If 2016 gave us an unforgettable drama, it was “Manchester By The Sea”. Since “Gone Baby, Gone” (directed by his older brother Ben), Casey Affleck has seemed to fly just under the radar, comfortably nestled in his niche of challenging dramatic/indie roles, nary a rom-com nor comic book flick on his résumé. This film is collectively writer/director Kenneth Lonergan and Affleck’s crowning achievement. A pic that gives more than enough for one’s honest opinion to appear hyperbolic—instant classic, masterpiece, profound, deeply moving etc.—as if kowtowing to the Oscar hype with the scores of other raves reviews, “Manchester By The Sea” was one that I admittedly approached with some apprehension. Well, it had me aching for days. So there you have it.
Lonergan tells the story of Lee Chandler (Affleck), a handyman eking out a living in a southern suburb of Boston, who heads back to his hometown of Manchester-By-The-Sea when he gets news of his older brother Joe (Kyle Chandler) having a fatal heart attack.
Lee is either inhumanly stoic, or he’s already reached his threshold of suffering, and one more tragedy is just white noise. His return causes a quiet stirring among his teenage nephew Patrick’s hockey team when Lee comes to break the news about his father. “Is that the Lee Chandler?” It’s either some sort of stigma, or he was once a local hockey legend.
Joe’s death was anticipated, to a degree; he had a congenital defect, and his life expectancy had been significantly reduced. This puts Patrick (Lucas Hedges) in Lee’s care, a responsibility Lee insists he’s incapable of. He takes on the role of temporary guardian, mainly because he doesn’t want Patrick re-introduced to his estranged recovering addict mother (Gretchen Mol). Her attempts to make amends seem genuine, but are surreptitious. When they meet, she has the awkward demeanor of a Stepford Wife (Matthew Broderick cameos as her new husband).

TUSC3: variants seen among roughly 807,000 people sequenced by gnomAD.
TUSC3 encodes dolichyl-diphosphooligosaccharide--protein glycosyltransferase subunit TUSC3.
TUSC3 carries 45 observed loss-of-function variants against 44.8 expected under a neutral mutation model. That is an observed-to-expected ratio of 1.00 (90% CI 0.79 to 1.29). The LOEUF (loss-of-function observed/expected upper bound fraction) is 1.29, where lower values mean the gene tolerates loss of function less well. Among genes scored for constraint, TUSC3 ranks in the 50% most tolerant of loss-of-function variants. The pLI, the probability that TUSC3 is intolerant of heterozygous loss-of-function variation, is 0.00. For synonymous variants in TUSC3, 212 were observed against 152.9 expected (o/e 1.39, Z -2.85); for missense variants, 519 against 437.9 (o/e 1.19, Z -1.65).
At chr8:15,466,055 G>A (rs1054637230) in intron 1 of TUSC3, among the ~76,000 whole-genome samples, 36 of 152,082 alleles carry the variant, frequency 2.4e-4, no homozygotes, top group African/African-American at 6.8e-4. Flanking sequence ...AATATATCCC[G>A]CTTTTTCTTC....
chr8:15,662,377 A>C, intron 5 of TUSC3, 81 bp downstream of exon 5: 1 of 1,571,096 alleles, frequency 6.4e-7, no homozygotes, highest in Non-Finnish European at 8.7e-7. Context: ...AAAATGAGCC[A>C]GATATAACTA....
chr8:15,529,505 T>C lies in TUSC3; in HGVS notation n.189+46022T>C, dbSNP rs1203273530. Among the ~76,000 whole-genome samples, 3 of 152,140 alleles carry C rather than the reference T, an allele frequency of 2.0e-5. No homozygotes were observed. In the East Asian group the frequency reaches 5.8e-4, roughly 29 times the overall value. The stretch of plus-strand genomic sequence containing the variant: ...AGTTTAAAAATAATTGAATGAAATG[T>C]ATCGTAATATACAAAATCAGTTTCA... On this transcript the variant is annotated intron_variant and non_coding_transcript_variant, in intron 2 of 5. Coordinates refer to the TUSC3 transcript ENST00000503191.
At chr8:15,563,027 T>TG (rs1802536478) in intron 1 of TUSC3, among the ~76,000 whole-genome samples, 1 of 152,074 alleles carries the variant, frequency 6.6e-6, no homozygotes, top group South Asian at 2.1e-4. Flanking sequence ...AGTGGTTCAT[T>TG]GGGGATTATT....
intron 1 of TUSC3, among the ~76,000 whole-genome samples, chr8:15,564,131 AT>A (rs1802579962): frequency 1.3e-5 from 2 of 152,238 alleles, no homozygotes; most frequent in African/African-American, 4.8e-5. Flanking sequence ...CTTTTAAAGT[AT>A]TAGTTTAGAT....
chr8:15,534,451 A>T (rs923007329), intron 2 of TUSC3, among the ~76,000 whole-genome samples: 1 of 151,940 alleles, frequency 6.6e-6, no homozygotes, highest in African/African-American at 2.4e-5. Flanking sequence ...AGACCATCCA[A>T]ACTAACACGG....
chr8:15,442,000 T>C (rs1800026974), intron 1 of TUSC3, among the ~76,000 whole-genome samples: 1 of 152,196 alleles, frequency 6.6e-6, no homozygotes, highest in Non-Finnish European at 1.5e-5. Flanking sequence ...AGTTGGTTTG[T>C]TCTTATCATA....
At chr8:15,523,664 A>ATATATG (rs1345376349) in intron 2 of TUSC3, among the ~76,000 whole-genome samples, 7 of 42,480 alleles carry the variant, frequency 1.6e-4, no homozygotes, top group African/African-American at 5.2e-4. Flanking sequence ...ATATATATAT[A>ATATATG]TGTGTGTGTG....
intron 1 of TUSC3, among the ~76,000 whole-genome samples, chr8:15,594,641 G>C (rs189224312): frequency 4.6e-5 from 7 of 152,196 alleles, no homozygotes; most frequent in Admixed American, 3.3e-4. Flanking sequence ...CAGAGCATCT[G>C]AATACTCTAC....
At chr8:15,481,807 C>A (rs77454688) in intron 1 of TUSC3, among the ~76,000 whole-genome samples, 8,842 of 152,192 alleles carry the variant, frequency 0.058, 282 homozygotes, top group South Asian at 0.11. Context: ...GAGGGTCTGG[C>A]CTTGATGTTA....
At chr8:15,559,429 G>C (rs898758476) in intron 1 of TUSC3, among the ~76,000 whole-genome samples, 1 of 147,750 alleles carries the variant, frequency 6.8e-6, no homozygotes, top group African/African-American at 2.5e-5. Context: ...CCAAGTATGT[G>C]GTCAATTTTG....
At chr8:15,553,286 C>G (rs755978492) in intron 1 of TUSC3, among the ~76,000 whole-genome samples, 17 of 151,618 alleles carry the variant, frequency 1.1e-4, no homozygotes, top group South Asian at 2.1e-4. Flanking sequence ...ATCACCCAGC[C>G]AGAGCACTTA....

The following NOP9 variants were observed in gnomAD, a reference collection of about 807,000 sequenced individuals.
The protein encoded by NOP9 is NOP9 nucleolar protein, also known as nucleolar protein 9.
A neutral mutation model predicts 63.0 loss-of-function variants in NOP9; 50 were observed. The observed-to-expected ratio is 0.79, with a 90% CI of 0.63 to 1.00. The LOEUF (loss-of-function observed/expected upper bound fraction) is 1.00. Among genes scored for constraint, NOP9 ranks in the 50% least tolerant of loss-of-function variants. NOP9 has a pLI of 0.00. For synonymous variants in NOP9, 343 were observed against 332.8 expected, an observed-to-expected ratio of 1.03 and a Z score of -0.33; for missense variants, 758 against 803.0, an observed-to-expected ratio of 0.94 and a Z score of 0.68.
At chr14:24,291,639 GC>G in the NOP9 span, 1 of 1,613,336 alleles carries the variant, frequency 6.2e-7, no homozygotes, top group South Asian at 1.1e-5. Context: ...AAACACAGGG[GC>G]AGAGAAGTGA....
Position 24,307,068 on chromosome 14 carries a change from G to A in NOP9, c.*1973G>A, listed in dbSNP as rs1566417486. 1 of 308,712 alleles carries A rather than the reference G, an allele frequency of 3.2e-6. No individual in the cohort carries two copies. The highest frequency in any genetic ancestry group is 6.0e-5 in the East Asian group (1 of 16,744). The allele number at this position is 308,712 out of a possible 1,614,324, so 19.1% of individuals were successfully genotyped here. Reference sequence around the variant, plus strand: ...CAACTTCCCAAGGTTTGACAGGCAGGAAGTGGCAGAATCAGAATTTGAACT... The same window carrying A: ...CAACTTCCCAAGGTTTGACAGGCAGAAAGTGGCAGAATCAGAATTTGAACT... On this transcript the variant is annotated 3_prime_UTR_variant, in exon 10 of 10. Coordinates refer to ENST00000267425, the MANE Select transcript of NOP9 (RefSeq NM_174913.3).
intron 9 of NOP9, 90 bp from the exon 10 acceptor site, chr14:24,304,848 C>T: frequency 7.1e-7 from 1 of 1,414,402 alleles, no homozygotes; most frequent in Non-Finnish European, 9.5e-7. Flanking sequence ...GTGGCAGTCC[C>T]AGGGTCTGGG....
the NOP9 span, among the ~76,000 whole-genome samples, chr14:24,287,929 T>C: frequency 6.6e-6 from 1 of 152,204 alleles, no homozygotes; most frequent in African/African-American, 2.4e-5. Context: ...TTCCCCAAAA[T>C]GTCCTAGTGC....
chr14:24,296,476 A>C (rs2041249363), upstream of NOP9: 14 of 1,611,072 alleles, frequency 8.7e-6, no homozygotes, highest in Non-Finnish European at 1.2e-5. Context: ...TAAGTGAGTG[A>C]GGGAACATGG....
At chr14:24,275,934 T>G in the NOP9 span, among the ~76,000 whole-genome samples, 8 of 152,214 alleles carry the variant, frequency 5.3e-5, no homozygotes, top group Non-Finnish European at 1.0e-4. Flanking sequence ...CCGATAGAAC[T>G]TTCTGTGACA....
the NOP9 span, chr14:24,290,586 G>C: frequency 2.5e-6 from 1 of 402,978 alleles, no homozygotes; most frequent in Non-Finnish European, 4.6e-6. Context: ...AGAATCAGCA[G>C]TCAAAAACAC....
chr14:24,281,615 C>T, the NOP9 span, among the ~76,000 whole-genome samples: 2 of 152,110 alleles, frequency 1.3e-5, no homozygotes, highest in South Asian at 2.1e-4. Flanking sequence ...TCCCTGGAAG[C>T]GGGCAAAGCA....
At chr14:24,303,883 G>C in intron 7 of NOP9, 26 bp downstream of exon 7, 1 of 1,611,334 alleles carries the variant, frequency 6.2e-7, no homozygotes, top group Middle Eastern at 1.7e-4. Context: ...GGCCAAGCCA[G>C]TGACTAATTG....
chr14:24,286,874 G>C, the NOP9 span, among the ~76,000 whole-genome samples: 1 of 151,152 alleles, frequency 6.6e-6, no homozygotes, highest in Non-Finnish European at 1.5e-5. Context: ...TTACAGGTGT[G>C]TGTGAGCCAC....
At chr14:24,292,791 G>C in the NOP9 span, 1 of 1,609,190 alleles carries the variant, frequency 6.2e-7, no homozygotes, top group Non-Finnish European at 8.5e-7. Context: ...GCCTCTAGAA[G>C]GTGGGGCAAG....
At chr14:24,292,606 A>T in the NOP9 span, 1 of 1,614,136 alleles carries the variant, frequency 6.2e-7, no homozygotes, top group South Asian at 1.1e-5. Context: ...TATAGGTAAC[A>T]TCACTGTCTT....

Now a somewhat rebellious teen who plays in a garage band and juggles girlfriends, Patrick is hellbent on restoring his father’s boat—a vessel that carries with it much happier memories, as we see— but Lee wants to sell for lack of money. Struggling to get through the ordeal of revisiting his past more than playing role model, Affleck’s aura suggests his character has sustained irreparable psychological damage. His anger manifests itself in bar fights that he instigates, while he shows zero interest in the bevy of females who flirt with him.
Things are brought into focus by his ex-wife Randi, played by Michelle Williams, in a devastating turn, and again in a later encounter that will prove both actors’ finest moments. My synopsis is purposefully vague, as I knew little about plot points going in and all the better for it. Though tragic, “Manchester By The Sea” is not that leaden, depressing affair like so many artsy , go-nowhere depresso-fests. Each character has a distinctive arc, because people process grief and change in so many ways. Some get past it, some don’t, and this is what makes Lonergan’s filmmaking so extraordinary, the balance, telling and timing of that transition. Heavy material with delicate performances, not to mention gorgeous wintery scenery (DP Jody Lee Lipes, evoking his work on “Martha Marcy May Marlene”), which is the only element that remains unchanged. Bravo, Affleck, Williams and Lonergan, may props await you. This is one magnificent movie.
— M. Parsons
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